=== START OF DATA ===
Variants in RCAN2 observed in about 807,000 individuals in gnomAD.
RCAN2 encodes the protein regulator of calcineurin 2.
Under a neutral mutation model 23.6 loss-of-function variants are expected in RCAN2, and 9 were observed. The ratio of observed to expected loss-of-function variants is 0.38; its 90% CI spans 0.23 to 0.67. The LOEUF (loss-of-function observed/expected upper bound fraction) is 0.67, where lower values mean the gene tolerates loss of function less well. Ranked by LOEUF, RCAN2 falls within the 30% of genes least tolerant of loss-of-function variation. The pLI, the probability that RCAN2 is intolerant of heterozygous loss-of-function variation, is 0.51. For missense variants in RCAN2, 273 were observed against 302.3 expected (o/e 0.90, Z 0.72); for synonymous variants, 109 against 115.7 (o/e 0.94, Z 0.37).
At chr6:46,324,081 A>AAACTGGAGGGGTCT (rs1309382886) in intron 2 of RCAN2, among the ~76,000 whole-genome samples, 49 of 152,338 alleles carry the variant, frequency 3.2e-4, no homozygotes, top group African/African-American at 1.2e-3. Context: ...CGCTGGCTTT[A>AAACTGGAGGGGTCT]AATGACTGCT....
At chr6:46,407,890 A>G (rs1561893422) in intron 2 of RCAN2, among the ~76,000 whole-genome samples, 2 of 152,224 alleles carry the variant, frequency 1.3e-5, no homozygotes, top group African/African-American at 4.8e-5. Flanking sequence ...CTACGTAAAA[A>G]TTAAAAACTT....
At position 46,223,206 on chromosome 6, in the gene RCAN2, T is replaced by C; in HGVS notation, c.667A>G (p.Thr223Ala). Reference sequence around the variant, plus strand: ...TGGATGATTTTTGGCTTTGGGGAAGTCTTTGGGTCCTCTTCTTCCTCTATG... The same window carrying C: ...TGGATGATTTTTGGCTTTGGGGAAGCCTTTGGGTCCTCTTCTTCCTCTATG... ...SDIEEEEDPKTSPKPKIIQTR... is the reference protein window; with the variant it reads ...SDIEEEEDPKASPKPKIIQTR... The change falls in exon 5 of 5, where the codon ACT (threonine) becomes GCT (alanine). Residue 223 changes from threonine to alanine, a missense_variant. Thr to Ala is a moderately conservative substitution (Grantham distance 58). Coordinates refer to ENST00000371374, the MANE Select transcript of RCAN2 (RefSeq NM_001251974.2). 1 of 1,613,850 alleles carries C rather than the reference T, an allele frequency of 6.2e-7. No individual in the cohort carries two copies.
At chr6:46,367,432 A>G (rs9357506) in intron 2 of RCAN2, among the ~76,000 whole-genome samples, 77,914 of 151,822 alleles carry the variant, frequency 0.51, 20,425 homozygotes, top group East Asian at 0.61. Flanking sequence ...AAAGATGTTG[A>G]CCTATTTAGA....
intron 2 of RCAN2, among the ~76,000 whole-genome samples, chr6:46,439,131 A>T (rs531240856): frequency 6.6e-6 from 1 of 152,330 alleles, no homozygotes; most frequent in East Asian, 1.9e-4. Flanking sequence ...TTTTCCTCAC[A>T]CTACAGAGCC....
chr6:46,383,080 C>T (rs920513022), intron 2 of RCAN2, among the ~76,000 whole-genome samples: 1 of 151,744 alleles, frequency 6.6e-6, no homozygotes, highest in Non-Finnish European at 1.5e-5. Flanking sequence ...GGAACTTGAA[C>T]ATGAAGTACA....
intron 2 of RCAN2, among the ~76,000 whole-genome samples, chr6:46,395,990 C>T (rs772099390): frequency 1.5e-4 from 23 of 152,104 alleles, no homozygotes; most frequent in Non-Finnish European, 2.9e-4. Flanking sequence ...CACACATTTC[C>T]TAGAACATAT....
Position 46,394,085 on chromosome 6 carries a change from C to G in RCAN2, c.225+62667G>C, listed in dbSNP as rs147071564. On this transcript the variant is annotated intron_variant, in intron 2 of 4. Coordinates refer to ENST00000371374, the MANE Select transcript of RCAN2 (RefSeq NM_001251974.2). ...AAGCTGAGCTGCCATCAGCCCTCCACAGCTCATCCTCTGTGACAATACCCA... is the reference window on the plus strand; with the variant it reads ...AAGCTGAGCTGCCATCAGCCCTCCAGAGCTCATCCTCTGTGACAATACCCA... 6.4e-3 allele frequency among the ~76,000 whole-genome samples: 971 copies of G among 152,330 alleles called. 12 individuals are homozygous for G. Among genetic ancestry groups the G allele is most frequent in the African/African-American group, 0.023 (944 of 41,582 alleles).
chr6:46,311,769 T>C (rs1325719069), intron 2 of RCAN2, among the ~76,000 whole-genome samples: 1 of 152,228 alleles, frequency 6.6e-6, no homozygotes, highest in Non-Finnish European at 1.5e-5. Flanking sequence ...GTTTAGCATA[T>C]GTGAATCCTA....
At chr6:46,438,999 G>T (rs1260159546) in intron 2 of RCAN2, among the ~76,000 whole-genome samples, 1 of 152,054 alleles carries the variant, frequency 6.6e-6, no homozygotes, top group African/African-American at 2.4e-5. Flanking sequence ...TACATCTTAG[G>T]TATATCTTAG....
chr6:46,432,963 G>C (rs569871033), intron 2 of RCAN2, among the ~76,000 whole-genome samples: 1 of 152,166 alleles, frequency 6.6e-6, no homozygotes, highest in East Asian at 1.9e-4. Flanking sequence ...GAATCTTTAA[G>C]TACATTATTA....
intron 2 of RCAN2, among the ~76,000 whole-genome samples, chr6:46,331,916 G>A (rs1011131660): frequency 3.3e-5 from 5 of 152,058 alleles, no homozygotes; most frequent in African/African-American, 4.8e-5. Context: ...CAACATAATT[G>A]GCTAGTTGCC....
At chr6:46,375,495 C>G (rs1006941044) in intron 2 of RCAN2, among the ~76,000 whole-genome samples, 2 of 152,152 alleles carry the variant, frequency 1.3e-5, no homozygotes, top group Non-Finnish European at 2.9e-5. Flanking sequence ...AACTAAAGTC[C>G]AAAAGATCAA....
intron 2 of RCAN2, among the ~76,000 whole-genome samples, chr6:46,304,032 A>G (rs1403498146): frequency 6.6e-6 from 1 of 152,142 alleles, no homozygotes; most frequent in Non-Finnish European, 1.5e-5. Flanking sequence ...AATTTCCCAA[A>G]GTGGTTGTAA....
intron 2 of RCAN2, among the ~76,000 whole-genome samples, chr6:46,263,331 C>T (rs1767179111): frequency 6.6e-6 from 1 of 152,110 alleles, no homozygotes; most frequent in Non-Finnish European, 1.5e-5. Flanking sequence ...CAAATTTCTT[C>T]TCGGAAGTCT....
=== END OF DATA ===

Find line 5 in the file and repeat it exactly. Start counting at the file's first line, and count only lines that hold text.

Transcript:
At chr6:46,407,890 A>G (rs1561893422) in intron 2 of RCAN2, among the ~76,000 whole-genome samples, 2 of 152,224 alleles carry the variant, frequency 1.3e-5, no homozygotes, top group African/African-American at 4.8e-5. Flanking sequence ...CTACGTAAAA[A>G]TTAAAAACTT....